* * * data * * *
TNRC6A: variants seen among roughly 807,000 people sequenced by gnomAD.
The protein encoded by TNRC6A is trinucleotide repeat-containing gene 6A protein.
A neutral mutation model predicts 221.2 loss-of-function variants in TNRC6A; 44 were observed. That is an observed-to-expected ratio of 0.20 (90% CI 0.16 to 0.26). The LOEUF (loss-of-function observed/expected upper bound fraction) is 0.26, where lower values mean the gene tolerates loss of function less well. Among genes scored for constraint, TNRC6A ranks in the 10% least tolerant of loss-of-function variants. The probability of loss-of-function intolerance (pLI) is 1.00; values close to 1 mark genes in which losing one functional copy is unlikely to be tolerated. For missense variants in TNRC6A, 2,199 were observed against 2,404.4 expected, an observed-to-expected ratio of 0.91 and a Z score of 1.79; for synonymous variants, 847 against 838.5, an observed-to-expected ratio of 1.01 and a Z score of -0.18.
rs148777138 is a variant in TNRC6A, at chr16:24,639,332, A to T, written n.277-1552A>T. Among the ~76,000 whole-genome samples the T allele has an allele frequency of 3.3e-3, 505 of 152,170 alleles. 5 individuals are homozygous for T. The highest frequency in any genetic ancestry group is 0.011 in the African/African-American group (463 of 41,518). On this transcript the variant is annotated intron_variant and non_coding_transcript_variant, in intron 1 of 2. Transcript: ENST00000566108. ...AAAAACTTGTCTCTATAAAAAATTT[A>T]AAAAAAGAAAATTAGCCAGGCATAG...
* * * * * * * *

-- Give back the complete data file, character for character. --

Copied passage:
TNRC6A: variants seen among roughly 807,000 people sequenced by gnomAD.
The protein encoded by TNRC6A is trinucleotide repeat-containing gene 6A protein.
A neutral mutation model predicts 221.2 loss-of-function variants in TNRC6A; 44 were observed. That is an observed-to-expected ratio of 0.20 (90% CI 0.16 to 0.26). The LOEUF (loss-of-function observed/expected upper bound fraction) is 0.26, where lower values mean the gene tolerates loss of function less well. Among genes scored for constraint, TNRC6A ranks in the 10% least tolerant of loss-of-function variants. The probability of loss-of-function intolerance (pLI) is 1.00; values close to 1 mark genes in which losing one functional copy is unlikely to be tolerated. For missense variants in TNRC6A, 2,199 were observed against 2,404.4 expected, an observed-to-expected ratio of 0.91 and a Z score of 1.79; for synonymous variants, 847 against 838.5, an observed-to-expected ratio of 1.01 and a Z score of -0.18.
rs148777138 is a variant in TNRC6A, at chr16:24,639,332, A to T, written n.277-1552A>T. Among the ~76,000 whole-genome samples the T allele has an allele frequency of 3.3e-3, 505 of 152,170 alleles. 5 individuals are homozygous for T. The highest frequency in any genetic ancestry group is 0.011 in the African/African-American group (463 of 41,518). On this transcript the variant is annotated intron_variant and non_coding_transcript_variant, in intron 1 of 2. Transcript: ENST00000566108. ...AAAAACTTGTCTCTATAAAAAATTT[A>T]AAAAAAGAAAATTAGCCAGGCATAG...